-now both hydrogen and helium shells are fusing, and the star expands and cools to become a red giant again (or red supergiant)

-the core is not made up with carbon, oxygen, neon or magnesium, depending on the mass

-with a mass of <1M, the core cannot reach a temperature that is hot enough to fuse these heavy elements

-As the hot core is exposed, it moves to the LEFT of the hr diagram

-hot, stellar core, but not hot enough to fuse carbon or oxygen

-high density state with no supply of thermal energy by nuclear fusion, electron degeneracy pressure becomes important

-electron degeneracy pressure provides the internal outward pressure to balance the inward gravity to keep the entire star in hydrostatic equilibrium

-the core continues to contract, and the temperature rises above 1 bill K.

-Neon fusion produces oxygen and magnesium--->-Oxygen fuses to magnesium, silicon, and sulfur---> & at 3 bill K, silicon fuses to iron.

-most stable nucleus among all elements with the largest binding energy between protons and neutrons

-in the iron-core, there is no fusion reaction, and the degenerate electron pressure keeps it from collapsing by gravity while its mass continues to grow

-when the iron-core mass reaches

1.4M, the core collapses to form a neutron star or black hole, the outer layers of the star explodes as a supernova

-as nuclear fusion progresses at higher temperatures beyond hydrogen, the fusion rate increases. Meanwhile, the number of atoms to be fused decreases.

-with such a high luminosity (>10000) radiation pressure is huge to push out stellar material from the outer layers of the star
**These supergiant stars eject a large amount of their surface
material in the form of stellar winds

-supergiants are surrounded by dense circumstellar medium of this ejected gas

-evolution of massive stars is complicated involving several different stages, but primarily depending on their mass

-classified by their explosion mechanisms or by their observational characteristics

-theoretical classifications by the explosion mechanism are core-collapse and thermonuclear supernova

-all massive stars eventually explodes as a core-collapse supernova

-the iron core will stop nuclear fusion, and the mass grows to reach the Chandrasekhar limit

-The iron core collapses in

0.1 sec, and protons and electrons merge together to form neutrons

-the falling material of the outer core layers are bounced back within a millisec

10^57( billion x trillion x trillion x trillion x trillion)

-these neutrinos carry out

99% of the explosion energy

-thermonuclear explosion completely destroys the white dwarf

-hydrogen fusion may occur only at the surface of the white dwarf, and the surface layer of the white dwarf explodes, which is called a NOVA. ---> since only the outer layers explode. the white dwarf is not destroyed.

-the light curve reaches a peak luminosity and then smoothly fades away in several months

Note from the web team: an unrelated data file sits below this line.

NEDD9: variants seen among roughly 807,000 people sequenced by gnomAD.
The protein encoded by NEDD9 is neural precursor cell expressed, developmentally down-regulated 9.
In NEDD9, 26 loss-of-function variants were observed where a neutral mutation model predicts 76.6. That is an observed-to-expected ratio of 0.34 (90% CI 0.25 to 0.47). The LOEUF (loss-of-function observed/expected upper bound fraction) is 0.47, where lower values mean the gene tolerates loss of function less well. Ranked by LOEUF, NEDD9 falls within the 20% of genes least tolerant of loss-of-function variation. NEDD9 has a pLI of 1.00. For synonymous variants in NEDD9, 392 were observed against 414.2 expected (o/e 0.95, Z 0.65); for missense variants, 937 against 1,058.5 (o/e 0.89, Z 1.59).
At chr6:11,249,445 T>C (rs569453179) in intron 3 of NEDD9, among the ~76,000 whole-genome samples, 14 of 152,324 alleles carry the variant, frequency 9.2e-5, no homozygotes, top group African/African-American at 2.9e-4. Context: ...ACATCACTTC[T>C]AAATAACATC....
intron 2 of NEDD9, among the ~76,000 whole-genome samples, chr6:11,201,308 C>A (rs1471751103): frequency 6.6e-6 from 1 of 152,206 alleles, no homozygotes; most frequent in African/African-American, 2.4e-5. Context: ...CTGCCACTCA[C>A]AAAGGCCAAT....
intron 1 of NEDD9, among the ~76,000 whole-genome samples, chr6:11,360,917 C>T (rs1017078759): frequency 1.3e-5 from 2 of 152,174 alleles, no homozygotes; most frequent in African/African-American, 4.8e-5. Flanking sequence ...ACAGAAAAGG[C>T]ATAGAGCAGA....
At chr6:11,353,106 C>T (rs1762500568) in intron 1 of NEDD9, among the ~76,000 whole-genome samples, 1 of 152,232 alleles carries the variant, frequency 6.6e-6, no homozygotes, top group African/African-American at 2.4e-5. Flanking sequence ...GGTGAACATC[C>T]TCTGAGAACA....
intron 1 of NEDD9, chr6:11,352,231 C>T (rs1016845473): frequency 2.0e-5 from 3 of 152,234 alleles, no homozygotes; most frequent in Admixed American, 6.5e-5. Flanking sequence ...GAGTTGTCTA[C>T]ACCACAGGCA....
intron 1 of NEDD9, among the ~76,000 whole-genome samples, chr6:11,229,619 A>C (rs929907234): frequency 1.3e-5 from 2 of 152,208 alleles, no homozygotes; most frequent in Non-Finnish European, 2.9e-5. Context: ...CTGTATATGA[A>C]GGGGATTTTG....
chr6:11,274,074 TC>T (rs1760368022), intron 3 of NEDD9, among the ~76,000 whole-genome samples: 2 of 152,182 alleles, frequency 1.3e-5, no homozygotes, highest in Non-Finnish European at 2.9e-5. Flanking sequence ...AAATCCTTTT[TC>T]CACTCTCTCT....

-type 1 supernova is divided into subtypes of 1a, 1b and 1c depending on their detailed spectral features

-type 1b & 1c supernovas are fainter than type 1a

-their light curve shows a peak (similar to that of types 1b & 1c)

-many type II supernova light curves show a plateau at

-main source of iron to chemically enrich interstellar medium

-no hydrogen lines are seen in type Ia supernova bc there is no hydrogen rich layer in the white dwarf progenitor

-can occur in all types of galaxies

-progenitors of type la supernova are all the "same" type of stars (white dwarfs) with the "same" mass
*their explosion energy, peak luminosity, and the light curve are identical*

-type la supernova is useful as standard candles to measure distances to galaxies

-they are the brightest candles with which we can measure farthest distances up to


So, is that actually about to occur?

This is the big mystery, and it’s one of the reasons why the star’s current behavior is intriguing. Scientists suspect that a precipitous drop in brightness could portend a star’s demise.

“As massive stars near the end of their lives, they experience insane and violent mass loss,” Nance says. In theory, all that ejected dust could shroud and darken the nearly dead star, causing it to dim from our perspective right before it goes supernova. In practice, though, it’s not yet certain whether stars are darkest before they blow—no one has yet been able to closely study a doomed star before, during, and after its demise.


Will Betelgeuse Explode? After ‘Unprecedented’ Dimming The Giant Star Is Now Changing Shape

The red supergiant star Betelgeuse, in the constellation of Orion, has been undergoing unprecedented . [+] dimming. This stunning image of the star’s surface, taken with the SPHERE instrument on ESO’s Very Large Telescope late last year, is among the first observations to come out of an observing campaign aimed at understanding why the star is becoming fainter. When compared with the image taken in January 2019, it shows how much the star has faded and how its apparent shape has changed.